Rybachuk says that Kuchma is worried that whatever guarantees he secures at present, a future government hostile to him might still try to prosecute him. Therefore, Rybachuk says, the plan is to hold on to power by any means. Kuchma has repeatedly said he will not run for a further term as president. But Rybachuk says Kuchma's words must be examined carefully.
"If [Kuchma] is saying that he is not going to run for election, he might be telling the truth, because there might be no election. So in the Constitutional Court you have to follow every word. Yes, he might not run for the election. There might be changes to the constitution," Rybachuk said.
Another member of parliament, Bohdan Hubsky, has asked the country's highest court to clarify whether Kuchma should be regarded as someone now in the last year of his second term of office. Some have argued that as the present constitution was only introduced in 1996, two years into Kuchma's first term, he should be allowed another term or at least an extension of two years in this one.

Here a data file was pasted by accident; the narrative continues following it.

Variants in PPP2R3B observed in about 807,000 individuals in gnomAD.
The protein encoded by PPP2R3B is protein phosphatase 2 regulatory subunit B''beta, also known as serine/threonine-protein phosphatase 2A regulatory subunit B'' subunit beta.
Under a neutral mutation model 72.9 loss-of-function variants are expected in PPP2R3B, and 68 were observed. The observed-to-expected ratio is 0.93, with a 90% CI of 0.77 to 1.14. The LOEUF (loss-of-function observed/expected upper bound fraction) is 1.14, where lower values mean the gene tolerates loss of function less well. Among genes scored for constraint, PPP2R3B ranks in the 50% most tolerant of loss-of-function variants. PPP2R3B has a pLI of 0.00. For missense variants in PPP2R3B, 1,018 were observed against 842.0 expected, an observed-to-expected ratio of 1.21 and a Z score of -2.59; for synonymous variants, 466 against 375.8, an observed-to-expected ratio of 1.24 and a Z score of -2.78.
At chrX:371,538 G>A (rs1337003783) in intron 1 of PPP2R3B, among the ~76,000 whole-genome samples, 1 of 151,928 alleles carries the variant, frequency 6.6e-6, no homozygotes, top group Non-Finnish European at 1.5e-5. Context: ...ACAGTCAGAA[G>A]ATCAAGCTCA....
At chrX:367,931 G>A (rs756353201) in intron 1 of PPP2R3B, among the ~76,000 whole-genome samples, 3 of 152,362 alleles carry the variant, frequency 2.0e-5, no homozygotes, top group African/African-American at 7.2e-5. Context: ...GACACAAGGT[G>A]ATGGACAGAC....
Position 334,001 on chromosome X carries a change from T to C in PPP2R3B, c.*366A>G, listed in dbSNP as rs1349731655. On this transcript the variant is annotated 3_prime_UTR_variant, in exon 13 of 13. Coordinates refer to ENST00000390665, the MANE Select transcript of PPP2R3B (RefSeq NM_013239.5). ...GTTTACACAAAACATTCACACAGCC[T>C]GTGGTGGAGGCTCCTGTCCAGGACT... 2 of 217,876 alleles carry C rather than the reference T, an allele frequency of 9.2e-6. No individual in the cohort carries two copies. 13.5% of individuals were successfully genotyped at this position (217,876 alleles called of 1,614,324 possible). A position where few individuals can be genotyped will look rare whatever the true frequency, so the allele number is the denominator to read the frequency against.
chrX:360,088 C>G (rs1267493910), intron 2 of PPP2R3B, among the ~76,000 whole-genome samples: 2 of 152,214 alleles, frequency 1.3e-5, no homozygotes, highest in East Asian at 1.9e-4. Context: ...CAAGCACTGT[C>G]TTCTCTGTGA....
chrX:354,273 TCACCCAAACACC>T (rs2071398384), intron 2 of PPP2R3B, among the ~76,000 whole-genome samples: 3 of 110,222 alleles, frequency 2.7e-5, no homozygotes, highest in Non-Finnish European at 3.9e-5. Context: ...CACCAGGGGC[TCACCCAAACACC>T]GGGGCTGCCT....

The court has initially taken the view that Kuchma should be regarded as only having completed one term, but a final decision has yet to be made.
Although the election campaign does not begin officially until next April, there have already been what the opposition claims are organized attempts by the presidential authorities to disrupt a series of opposition meetings around the country.
The administration denies the accusations. But some Western diplomats, including the U.S. ambassador and the head of a Council of Europe group monitoring human rights in Ukraine, have said the tactics bode ill for the fair conduct of next year's scheduled elections.